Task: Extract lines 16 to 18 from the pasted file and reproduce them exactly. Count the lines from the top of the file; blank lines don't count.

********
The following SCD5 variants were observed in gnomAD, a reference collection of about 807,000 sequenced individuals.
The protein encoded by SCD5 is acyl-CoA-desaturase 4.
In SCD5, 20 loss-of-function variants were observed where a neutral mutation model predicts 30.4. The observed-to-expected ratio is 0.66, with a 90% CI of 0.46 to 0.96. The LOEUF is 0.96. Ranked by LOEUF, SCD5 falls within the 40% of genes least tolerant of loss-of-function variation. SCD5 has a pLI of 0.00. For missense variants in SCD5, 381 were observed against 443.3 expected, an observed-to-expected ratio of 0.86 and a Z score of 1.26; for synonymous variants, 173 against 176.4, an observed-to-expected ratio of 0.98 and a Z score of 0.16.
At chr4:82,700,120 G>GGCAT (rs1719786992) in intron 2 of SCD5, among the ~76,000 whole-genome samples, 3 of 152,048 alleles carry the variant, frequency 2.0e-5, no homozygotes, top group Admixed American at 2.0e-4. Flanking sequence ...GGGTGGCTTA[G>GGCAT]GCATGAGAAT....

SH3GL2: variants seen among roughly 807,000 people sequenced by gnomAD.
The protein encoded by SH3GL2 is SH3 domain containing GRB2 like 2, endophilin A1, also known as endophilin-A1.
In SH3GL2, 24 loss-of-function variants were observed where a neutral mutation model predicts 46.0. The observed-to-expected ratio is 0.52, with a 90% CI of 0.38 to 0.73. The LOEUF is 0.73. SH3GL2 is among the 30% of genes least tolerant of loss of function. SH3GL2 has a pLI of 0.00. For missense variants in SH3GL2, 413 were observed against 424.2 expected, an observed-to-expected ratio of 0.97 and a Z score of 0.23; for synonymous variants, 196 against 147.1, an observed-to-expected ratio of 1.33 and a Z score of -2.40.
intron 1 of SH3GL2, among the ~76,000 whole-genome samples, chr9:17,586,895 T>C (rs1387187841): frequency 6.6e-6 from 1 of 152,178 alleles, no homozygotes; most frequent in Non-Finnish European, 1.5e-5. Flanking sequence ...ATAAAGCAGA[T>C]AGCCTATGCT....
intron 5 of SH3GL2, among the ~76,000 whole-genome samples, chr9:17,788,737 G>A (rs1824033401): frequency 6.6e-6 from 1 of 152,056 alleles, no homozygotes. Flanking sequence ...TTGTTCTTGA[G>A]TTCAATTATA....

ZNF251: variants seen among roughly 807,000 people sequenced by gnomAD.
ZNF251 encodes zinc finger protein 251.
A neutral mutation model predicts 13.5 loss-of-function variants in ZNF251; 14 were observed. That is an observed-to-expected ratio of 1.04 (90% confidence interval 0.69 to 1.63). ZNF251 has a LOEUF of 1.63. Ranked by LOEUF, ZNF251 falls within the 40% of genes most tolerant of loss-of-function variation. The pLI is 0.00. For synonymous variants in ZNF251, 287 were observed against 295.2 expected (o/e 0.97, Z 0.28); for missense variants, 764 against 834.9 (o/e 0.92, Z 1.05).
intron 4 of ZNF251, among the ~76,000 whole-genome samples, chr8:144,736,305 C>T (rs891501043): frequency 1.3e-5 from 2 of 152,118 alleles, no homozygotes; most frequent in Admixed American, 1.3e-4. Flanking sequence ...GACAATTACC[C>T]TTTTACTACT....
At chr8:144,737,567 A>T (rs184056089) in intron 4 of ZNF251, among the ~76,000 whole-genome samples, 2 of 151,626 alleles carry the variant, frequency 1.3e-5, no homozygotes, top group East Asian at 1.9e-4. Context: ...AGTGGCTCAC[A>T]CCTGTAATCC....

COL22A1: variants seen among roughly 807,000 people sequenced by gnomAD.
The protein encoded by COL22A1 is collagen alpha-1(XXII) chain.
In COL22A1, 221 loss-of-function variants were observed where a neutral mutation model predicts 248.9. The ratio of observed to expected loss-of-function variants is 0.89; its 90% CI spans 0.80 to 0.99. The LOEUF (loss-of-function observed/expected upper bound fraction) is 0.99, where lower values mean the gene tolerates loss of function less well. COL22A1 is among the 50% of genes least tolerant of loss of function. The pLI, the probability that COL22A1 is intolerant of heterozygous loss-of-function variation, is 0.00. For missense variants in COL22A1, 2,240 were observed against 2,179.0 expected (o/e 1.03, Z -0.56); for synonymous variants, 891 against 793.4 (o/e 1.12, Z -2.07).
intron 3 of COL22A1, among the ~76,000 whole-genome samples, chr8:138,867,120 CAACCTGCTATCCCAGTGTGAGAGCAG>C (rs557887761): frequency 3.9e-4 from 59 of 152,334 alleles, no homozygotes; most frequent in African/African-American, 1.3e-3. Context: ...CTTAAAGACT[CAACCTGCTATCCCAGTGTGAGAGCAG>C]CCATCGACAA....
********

The protein encoded by COL22A1 is collagen alpha-1(XXII) chain.
In COL22A1, 221 loss-of-function variants were observed where a neutral mutation model predicts 248.9. The ratio of observed to expected loss-of-function variants is 0.89; its 90% CI spans 0.80 to 0.99. The LOEUF (loss-of-function observed/expected upper bound fraction) is 0.99, where lower values mean the gene tolerates loss of function less well. COL22A1 is among the 50% of genes least tolerant of loss of function. The pLI, the probability that COL22A1 is intolerant of heterozygous loss-of-function variation, is 0.00. For missense variants in COL22A1, 2,240 were observed against 2,179.0 expected (o/e 1.03, Z -0.56); for synonymous variants, 891 against 793.4 (o/e 1.12, Z -2.07).
intron 3 of COL22A1, among the ~76,000 whole-genome samples, chr8:138,867,120 CAACCTGCTATCCCAGTGTGAGAGCAG>C (rs557887761): frequency 3.9e-4 from 59 of 152,334 alleles, no homozygotes; most frequent in African/African-American, 1.3e-3. Context: ...CTTAAAGACT[CAACCTGCTATCCCAGTGTGAGAGCAG>C]CCATCGACAA....